Opalesque Industry Update – The Parker FX Index is reporting a -0.12% return for the month of October. Sixty four
programs in the index reported October results, of which thirty reported positive results, thirty-three incurred
losses and one was flat. On a risk-adjusted basis, the Index was down -0.05% in October. The median return for
the month was down -0.06%, while the performance for October ranged from a high of +6.81% to a low of -
4.27%. Year to date, the Parker FX Index is up +1.94%. |
In addition to the broad Parker FX Index, there are two style driven sub-indices: the Parker Systematic Index, which tracks those managers whose decision process is rule based, and the Parker Discretionary Index, which tracks managers whose decision process is judgmental. During October, the Systematic Index was down -0.03% and the Discretionary Index was down -0.21%. Year to date, the Systematic Index is up +2.30% and the Discretionary Index is up +1.58%. On a risk-adjusted basis, the Parker Systematic Index was down -0.01% in October, and the Parker Discretionary Index was down -0.16%.
The top three performing constituent programs for the month of October, on a reported basis, returned +6.81%, +2.29% and +2.26%, respectively. The top three performers on a risk-adjusted basis returned +2.47%, +2.32% and +1.50%, respectively.
In October, global currency markets were again marked by a depreciating US dollar, with the DXY Index declining -1.85%. The US dollar depreciated against seven of the G-10 currencies, due to a combination of continued demand for risky assets and on expectations that the Federal Reserve will further depreciate the currency through the next round of quantitative easing (QE2). The effect of the dollar’s depreciation on the global economy was the primary topic of October’s G-20 meeting in Gyeongju, South Korea. Finance chiefs from developed and emerging economies agreed that they had to refrain from employing “competitive devaluation” as a way to defend their economies from the sliding US dollar. Despite their rhetoric, the market questioned whether countries would actually embrace purely market-determined currency rates. The largest currency mover in the G-10 was the Japanese yen, which gained +3.12% against the US dollar on the back of increased demand for the yen, with foreign banks’ surplus reserves at the Bank of Japan nearing a 5 year high. Although the euro gained +1.54% versus the US dollar in October, there remain significant concerns about the stability of the Eurozone economies.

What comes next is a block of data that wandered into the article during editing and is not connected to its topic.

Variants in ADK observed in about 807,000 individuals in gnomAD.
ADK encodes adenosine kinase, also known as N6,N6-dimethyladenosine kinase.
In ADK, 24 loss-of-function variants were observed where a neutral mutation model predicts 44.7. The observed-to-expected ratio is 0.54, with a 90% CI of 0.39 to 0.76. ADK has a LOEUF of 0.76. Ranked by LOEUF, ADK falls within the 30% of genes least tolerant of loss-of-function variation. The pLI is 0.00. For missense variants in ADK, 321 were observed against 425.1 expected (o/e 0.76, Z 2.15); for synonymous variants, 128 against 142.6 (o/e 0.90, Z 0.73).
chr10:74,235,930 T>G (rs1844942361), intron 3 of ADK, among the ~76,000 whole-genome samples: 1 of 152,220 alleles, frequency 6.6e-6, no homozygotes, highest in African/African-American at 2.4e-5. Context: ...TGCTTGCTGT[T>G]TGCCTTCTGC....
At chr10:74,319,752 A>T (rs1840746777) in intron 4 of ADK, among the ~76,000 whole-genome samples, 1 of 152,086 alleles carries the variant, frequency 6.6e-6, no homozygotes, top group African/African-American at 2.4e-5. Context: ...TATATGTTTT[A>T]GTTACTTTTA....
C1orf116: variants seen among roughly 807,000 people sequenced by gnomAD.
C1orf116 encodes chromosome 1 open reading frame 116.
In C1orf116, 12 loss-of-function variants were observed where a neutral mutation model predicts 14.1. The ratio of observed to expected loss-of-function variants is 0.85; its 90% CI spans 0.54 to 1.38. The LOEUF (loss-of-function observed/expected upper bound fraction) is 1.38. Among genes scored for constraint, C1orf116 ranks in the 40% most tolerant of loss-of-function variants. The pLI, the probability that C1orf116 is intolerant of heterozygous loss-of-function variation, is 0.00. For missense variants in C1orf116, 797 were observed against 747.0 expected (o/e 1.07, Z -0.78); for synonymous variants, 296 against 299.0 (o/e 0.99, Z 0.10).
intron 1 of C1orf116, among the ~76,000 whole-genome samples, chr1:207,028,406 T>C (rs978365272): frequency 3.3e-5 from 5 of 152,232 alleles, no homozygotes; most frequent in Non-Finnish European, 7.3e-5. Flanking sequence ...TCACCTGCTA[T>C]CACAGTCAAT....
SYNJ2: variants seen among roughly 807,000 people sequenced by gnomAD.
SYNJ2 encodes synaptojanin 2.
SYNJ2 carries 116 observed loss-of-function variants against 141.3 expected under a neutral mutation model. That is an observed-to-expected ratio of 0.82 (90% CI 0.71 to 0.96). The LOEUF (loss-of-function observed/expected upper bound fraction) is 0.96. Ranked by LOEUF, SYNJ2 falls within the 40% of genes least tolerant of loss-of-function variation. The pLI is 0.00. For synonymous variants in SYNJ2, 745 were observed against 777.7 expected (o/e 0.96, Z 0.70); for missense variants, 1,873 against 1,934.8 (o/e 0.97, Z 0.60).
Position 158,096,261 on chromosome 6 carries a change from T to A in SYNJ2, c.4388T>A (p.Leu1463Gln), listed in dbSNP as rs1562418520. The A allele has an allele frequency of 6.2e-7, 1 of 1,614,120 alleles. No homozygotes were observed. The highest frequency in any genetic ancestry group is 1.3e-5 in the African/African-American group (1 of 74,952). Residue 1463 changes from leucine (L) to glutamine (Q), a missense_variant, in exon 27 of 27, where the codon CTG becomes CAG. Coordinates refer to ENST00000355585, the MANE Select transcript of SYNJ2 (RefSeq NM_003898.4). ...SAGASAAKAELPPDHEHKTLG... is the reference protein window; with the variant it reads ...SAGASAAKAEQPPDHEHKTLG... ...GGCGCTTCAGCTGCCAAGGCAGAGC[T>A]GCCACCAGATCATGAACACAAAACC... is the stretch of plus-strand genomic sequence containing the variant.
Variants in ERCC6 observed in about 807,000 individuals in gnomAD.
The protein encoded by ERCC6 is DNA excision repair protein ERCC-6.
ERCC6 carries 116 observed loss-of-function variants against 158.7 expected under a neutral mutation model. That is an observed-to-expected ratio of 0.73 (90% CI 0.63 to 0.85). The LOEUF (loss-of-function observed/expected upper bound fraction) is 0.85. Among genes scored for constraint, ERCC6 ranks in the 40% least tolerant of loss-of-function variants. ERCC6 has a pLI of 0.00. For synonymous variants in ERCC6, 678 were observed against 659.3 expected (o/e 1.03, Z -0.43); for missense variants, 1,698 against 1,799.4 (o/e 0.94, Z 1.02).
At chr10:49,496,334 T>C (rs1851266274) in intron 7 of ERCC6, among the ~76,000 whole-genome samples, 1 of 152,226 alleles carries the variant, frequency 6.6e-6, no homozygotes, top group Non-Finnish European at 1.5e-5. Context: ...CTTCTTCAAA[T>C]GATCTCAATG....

The Parker FX Index is a performance-based benchmark that measures both the reported and the riskadjusted returns of global currency managers. It is the first index used to analyze unleveraged (risk-adjusted) performance in order to calculate pure currency alpha, or manager skill. The 298 month compounded annual return since inception (January, 1986 through October, 2010) is up +11.76% on a reported basis and up +3.14% on a riskadjusted basis.
From inception (January, 1986 through October, 2010) the compounded annual return for the Parker Systematic Index and the Parker Discretionary Index, on a reported basis, is +11.99% and +9.67%, respectively. From inception, the compounded annualized return, on a risk-adjusted basis, for the Parker Systematic Index and the Parker Discretionary Index, is +2.81% and +3.76%, respectively.
The Parker FX Index tracks the performance, or value-added, that managers have generated from positioning long or short foreign currencies. The Index is equally weighted, as opposed to capitalization weighted, to preclude very large managers from swaying the performance in a direction that may not be representative of the currency manager universe. Parker Global Strategies applies its model to the performance of a representative currency portfolio or composite, net of fees, and excluding interest for each currency manager.
The Parker FX Index currently includes 71 programs managed by 62 firms located in the US, Canada, UK, Germany, Switzerland, France, Ireland, Singapore and Australia. The 71 programs include a combination of 46 programs that are systematic and 25 programs that are discretionary. The 71 programs manage over $40 billion in currency strategy assets. The Index also includes the performance of currency managers who are no longer trading in order to address survivorship bias. Disciplines include technical, fundamental and quantitative.